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Pain Research and Management
Volume 5, Issue 4, Pages 279-285
http://dx.doi.org/10.1155/2000/842034
Tribute to Ronald Melzack

Tolerance to Morphine Analgesia: Influence of Pain and Method of Morphine Delivery

Scott A Chen and Anthony L Vaccarino

Department of Psychology, University of New Orleans, New Orleans, Louisiana, USA

Copyright © 2000 Hindawi Publishing Corporation. This is an open access article distributed under the Creative Commons Attribution License, which permits unrestricted use, distribution, and reproduction in any medium, provided the original work is properly cited.

Abstract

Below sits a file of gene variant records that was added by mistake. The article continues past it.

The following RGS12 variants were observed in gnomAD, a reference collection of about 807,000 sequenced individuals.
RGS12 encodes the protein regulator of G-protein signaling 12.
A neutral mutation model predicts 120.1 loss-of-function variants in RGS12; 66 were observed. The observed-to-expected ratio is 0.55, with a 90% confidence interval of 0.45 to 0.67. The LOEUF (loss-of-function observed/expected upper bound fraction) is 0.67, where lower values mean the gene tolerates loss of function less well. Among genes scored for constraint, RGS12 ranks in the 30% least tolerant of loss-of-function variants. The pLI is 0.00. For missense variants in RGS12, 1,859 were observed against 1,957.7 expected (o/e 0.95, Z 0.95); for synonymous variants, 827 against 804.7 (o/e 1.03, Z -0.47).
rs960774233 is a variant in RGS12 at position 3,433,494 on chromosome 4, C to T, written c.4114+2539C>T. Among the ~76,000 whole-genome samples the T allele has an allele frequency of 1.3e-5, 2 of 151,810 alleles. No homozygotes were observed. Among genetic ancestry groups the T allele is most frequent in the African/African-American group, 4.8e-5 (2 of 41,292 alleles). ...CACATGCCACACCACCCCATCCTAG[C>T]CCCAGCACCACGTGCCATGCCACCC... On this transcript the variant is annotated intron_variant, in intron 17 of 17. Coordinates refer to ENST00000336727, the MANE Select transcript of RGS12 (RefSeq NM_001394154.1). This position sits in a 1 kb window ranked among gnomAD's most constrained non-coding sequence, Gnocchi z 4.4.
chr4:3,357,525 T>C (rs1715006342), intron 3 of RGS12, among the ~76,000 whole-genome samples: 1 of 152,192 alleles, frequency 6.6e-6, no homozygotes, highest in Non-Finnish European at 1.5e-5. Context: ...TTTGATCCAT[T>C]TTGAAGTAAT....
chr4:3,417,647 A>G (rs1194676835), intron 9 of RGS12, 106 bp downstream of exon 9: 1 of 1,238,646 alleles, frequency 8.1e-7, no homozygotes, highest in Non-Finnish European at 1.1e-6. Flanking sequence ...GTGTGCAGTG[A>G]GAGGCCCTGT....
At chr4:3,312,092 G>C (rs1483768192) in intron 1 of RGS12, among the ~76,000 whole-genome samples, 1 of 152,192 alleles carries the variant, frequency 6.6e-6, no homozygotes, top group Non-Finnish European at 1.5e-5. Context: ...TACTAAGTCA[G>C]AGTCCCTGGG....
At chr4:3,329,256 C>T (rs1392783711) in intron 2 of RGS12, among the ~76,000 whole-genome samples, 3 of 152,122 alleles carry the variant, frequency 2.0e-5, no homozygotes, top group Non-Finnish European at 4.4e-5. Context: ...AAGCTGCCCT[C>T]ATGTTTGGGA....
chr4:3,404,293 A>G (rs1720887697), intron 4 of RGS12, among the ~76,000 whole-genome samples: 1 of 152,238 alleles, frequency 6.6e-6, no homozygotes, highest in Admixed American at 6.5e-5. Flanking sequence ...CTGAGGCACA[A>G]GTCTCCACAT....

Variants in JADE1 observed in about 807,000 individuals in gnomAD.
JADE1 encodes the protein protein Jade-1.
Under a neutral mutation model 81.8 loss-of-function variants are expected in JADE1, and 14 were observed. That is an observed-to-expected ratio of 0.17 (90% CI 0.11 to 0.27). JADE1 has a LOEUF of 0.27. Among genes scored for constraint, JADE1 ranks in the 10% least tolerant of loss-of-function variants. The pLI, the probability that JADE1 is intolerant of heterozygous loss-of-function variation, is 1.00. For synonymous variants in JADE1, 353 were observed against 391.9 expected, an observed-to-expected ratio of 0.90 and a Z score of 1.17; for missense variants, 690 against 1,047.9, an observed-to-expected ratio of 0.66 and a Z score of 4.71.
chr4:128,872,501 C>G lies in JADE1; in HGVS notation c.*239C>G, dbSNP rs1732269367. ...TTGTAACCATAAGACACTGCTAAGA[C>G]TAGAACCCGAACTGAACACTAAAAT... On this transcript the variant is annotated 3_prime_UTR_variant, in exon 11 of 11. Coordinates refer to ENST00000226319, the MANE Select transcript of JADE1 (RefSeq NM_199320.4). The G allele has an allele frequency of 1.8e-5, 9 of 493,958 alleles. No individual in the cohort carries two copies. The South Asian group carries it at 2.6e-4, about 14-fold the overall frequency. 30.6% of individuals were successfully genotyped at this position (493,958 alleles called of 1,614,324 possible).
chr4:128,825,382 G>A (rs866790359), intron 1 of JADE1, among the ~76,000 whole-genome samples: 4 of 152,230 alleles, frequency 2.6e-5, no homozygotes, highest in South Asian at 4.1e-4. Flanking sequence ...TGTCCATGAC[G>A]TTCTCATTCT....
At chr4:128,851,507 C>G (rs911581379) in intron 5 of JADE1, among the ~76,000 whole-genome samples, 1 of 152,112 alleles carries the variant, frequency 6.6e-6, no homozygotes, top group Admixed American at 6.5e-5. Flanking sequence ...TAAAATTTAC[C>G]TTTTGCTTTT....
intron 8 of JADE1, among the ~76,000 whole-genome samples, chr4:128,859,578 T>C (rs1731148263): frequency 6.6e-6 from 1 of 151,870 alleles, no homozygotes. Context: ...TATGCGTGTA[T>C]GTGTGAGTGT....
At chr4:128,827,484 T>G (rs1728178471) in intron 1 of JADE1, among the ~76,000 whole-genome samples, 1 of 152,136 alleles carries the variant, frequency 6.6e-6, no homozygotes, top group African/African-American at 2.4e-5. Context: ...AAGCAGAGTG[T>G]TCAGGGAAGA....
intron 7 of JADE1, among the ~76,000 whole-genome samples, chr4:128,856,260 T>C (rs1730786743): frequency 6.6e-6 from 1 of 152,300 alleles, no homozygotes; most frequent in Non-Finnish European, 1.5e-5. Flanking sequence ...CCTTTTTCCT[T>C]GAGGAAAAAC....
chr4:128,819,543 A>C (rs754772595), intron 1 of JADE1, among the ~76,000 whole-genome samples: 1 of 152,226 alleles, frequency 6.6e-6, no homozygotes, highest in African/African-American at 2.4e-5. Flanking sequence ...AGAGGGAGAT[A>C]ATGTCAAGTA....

Whether some kinds of pain can modify the development of tolerance to morphine analgesia is a controversial issue. Clinically, the development of tolerance is often difficult to establish because many factors can contribute to a decline in analgesic coverage, including disease progression. Basic animal research designed to examine tolerance provides the experimental control necessary to differentiate 'real' tolerance from other variables that can influence morphine analgesia. The present study examines the effects of inflammation induced by complete Freund's adjuvant (CFA) on the development of tolerance to morphine analgesia produced by two different methods of morphine delivery - repeated bolus injections and continuous infusion. Male Long-Evans hooded rats were injected with CFA (0.2 mL) into the right hind paw under sodium pentobarbital anesthesia or were given anesthesia alone. Starting 24 h later, rats either received an injection of morphine (20 mg/kg, intraperitoneal) on four consecutive days or were implanted with a 72 h osmotic minipump that delivered 80 mg/kg morphine over a similar time period. Control animals received saline injections or were implanted with empty minipumps. After 24 h, sensitivity to morphine-induced analgesia was measured by the tail-immersion test (water maintained at 52°C) using a cumulative dosing procedure. It was found that CFA attenuated tolerance to the morphine analgesia that was induced by intraperitoneal injections of morphine. In contrast, when morphine was delivered via osmotic minipumps, significant analgesic tolerance was observed in animals that received morphine in the presence of CFA but not in those that received morphine in the absence of CFA. These results show the importance of the method used to deliver morphine in determining the effects of pain on the development of tolerance to morphine analgesia.